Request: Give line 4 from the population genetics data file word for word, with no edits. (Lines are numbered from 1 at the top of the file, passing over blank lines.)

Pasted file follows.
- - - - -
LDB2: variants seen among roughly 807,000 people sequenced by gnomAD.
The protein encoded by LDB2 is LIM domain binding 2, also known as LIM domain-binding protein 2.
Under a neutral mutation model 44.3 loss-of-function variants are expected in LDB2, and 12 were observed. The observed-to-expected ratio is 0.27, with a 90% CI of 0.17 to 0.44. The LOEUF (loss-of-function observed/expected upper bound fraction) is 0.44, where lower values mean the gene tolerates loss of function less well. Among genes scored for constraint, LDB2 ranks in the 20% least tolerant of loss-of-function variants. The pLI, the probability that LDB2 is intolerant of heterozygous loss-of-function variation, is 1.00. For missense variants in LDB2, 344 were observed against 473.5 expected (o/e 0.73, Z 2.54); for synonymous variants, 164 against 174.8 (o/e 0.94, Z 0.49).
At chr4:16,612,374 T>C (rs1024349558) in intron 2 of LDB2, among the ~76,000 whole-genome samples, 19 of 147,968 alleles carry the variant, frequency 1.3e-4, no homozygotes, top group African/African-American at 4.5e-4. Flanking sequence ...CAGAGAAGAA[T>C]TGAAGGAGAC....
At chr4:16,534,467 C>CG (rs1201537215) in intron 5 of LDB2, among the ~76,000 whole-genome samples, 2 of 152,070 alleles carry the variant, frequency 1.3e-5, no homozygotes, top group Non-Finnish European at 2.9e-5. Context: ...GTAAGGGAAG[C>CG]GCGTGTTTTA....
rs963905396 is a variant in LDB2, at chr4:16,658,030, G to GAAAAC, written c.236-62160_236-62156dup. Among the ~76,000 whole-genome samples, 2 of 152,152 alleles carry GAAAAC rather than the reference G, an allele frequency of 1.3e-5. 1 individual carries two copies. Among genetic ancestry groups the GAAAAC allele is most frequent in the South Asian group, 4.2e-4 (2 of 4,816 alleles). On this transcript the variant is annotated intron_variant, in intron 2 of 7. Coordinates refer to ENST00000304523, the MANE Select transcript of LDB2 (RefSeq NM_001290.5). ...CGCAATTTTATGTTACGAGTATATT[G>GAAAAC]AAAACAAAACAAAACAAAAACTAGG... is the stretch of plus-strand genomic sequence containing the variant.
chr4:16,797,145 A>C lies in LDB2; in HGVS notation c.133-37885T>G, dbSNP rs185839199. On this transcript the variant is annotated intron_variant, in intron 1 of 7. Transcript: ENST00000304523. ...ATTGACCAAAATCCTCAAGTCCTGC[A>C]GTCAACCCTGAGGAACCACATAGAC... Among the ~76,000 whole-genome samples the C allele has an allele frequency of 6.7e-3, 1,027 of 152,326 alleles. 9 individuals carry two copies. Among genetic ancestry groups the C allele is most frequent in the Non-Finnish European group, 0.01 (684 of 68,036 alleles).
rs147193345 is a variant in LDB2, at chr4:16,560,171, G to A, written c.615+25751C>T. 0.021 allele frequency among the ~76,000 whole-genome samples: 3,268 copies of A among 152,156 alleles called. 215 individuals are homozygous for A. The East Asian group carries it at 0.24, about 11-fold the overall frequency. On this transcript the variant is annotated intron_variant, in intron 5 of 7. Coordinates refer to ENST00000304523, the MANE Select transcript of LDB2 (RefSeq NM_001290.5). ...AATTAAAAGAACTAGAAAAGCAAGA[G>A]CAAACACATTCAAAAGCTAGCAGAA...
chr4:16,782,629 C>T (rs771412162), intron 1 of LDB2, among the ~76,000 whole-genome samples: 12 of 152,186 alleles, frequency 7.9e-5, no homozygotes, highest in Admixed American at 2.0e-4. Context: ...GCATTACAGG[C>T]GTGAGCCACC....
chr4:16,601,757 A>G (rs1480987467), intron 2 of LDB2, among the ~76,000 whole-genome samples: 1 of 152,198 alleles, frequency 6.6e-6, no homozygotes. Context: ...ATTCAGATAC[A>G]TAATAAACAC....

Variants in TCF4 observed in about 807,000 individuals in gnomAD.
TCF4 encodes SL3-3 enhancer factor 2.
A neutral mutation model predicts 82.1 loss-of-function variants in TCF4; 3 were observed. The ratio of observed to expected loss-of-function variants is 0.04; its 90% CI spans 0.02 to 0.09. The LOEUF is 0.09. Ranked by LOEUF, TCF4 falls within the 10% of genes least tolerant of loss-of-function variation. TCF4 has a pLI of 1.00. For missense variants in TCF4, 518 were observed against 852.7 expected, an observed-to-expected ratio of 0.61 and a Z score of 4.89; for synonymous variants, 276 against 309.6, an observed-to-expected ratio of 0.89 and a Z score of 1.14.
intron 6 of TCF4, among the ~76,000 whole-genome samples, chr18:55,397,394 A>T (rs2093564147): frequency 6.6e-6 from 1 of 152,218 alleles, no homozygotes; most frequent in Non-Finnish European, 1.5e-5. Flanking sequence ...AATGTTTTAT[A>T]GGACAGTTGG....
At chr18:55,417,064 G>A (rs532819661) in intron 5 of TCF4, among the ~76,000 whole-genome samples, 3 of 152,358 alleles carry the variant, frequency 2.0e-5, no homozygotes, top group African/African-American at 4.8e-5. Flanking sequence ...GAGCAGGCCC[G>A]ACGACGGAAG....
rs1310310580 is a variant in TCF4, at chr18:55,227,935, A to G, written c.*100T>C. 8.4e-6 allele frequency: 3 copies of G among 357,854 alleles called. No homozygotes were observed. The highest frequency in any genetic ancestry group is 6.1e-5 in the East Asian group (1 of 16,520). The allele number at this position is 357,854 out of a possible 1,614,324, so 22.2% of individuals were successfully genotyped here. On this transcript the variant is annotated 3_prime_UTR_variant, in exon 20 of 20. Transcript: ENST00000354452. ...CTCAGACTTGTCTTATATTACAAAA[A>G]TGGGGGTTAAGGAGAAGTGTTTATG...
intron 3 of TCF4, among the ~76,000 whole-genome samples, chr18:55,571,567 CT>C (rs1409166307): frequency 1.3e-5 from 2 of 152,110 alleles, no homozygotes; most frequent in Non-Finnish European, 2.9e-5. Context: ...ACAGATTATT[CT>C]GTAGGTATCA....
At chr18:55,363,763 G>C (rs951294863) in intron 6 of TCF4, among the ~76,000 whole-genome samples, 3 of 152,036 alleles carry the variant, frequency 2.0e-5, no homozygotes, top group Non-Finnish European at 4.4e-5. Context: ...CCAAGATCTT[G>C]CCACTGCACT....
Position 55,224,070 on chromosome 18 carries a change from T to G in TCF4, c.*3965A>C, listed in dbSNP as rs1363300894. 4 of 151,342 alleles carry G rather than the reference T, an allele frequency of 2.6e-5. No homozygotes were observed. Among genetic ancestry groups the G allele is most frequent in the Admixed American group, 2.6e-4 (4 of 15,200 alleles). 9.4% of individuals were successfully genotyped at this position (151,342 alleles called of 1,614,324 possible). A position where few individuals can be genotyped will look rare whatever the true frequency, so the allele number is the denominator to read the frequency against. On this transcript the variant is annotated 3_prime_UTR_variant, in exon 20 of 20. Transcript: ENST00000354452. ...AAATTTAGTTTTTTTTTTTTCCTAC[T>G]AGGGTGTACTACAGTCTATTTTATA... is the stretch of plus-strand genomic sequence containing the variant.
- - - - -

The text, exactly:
At chr4:16,612,374 T>C (rs1024349558) in intron 2 of LDB2, among the ~76,000 whole-genome samples, 19 of 147,968 alleles carry the variant, frequency 1.3e-4, no homozygotes, top group African/African-American at 4.5e-4. Flanking sequence ...CAGAGAAGAA[T>C]TGAAGGAGAC....